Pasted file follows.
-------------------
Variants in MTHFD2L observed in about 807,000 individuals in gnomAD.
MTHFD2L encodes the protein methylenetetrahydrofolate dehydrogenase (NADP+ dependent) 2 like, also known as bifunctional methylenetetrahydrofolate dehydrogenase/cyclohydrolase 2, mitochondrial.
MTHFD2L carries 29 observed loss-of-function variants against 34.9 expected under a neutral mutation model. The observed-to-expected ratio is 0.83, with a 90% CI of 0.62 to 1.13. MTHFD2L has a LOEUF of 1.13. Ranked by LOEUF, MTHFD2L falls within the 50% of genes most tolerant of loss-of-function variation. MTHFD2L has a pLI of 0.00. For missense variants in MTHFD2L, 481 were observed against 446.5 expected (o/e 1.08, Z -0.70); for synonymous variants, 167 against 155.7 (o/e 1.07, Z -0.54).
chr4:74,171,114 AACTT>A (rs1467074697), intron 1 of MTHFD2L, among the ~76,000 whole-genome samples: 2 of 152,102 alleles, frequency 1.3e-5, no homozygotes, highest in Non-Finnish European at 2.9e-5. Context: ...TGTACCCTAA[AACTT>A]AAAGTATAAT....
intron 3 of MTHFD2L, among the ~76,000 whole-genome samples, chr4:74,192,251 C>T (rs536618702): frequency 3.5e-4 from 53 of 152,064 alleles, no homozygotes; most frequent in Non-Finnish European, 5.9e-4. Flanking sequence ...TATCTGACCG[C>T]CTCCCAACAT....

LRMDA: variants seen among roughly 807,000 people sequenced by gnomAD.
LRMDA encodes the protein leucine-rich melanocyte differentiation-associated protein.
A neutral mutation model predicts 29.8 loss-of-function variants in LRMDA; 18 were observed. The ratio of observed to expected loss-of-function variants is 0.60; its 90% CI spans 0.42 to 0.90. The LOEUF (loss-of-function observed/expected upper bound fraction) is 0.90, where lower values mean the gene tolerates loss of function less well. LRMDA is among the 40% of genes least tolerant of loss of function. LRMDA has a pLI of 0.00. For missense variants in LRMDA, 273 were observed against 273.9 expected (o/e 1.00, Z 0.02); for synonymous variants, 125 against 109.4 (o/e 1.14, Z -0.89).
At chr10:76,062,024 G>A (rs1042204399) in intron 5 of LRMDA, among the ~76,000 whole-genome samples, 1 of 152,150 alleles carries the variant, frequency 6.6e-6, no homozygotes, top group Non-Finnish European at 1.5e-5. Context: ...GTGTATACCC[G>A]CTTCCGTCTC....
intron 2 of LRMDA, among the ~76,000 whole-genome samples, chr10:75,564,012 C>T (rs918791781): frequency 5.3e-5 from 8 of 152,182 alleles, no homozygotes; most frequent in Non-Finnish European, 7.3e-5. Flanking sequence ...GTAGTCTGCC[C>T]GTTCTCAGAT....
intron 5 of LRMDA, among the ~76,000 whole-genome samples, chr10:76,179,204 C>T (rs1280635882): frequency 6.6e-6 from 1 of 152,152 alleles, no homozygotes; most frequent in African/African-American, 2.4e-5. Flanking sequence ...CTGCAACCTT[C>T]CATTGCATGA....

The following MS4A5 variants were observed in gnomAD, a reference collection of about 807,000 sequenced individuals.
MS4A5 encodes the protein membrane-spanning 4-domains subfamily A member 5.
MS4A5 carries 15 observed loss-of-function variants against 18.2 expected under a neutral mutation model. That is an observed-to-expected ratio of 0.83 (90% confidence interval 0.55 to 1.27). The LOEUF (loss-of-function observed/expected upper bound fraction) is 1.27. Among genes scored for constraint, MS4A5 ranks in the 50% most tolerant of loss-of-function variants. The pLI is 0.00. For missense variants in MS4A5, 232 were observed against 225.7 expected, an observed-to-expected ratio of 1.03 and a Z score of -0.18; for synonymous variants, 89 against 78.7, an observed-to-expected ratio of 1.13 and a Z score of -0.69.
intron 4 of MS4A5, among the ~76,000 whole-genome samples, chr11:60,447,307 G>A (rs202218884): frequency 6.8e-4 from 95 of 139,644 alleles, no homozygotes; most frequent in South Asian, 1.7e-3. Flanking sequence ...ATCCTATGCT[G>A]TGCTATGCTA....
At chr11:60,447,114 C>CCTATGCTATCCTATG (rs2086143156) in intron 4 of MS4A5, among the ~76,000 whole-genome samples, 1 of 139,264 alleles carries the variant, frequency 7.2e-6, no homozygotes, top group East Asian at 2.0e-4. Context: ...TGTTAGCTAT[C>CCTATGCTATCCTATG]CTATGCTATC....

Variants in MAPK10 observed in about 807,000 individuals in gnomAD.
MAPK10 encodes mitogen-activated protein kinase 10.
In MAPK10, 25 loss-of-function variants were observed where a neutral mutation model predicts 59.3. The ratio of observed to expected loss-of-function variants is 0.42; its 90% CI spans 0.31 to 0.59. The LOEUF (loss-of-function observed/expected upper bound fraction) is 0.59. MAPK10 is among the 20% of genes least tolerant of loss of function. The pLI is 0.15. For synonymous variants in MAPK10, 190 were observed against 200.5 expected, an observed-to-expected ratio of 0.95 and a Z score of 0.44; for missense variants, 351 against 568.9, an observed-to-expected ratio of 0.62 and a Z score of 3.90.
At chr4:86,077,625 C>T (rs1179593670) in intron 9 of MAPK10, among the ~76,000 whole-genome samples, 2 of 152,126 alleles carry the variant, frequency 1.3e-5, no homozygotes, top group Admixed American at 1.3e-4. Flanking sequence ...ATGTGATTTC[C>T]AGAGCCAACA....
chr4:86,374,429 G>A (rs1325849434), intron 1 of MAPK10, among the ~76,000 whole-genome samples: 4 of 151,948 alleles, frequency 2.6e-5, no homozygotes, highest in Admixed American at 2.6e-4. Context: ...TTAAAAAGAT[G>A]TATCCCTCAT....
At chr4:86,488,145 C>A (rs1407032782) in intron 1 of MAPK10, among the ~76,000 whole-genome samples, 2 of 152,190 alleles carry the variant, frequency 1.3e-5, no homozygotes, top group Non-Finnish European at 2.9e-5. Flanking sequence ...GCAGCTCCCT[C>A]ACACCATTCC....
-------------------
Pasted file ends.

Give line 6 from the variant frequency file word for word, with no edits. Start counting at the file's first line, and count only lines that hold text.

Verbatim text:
LRMDA: variants seen among roughly 807,000 people sequenced by gnomAD.